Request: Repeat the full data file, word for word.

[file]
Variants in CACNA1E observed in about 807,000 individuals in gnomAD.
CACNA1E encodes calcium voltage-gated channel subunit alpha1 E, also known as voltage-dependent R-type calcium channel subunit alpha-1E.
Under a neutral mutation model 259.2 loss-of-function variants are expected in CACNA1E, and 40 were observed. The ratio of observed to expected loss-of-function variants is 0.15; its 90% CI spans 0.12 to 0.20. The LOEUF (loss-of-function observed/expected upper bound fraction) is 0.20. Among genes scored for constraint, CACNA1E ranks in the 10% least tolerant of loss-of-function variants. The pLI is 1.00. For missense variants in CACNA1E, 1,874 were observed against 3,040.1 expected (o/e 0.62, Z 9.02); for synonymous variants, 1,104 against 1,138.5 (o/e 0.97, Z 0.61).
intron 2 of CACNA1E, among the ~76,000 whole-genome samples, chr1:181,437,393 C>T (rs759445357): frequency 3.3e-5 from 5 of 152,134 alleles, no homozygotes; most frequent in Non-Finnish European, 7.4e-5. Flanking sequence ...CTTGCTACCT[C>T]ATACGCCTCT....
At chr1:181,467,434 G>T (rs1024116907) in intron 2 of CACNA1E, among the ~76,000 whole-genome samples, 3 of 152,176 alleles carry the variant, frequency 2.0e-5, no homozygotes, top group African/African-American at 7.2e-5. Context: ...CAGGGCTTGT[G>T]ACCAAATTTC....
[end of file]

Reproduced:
Variants in CACNA1E observed in about 807,000 individuals in gnomAD.
CACNA1E encodes calcium voltage-gated channel subunit alpha1 E, also known as voltage-dependent R-type calcium channel subunit alpha-1E.
Under a neutral mutation model 259.2 loss-of-function variants are expected in CACNA1E, and 40 were observed. The ratio of observed to expected loss-of-function variants is 0.15; its 90% CI spans 0.12 to 0.20. The LOEUF (loss-of-function observed/expected upper bound fraction) is 0.20. Among genes scored for constraint, CACNA1E ranks in the 10% least tolerant of loss-of-function variants. The pLI is 1.00. For missense variants in CACNA1E, 1,874 were observed against 3,040.1 expected (o/e 0.62, Z 9.02); for synonymous variants, 1,104 against 1,138.5 (o/e 0.97, Z 0.61).
intron 2 of CACNA1E, among the ~76,000 whole-genome samples, chr1:181,437,393 C>T (rs759445357): frequency 3.3e-5 from 5 of 152,134 alleles, no homozygotes; most frequent in Non-Finnish European, 7.4e-5. Flanking sequence ...CTTGCTACCT[C>T]ATACGCCTCT....
At chr1:181,467,434 G>T (rs1024116907) in intron 2 of CACNA1E, among the ~76,000 whole-genome samples, 3 of 152,176 alleles carry the variant, frequency 2.0e-5, no homozygotes, top group African/African-American at 7.2e-5. Context: ...CAGGGCTTGT[G>T]ACCAAATTTC....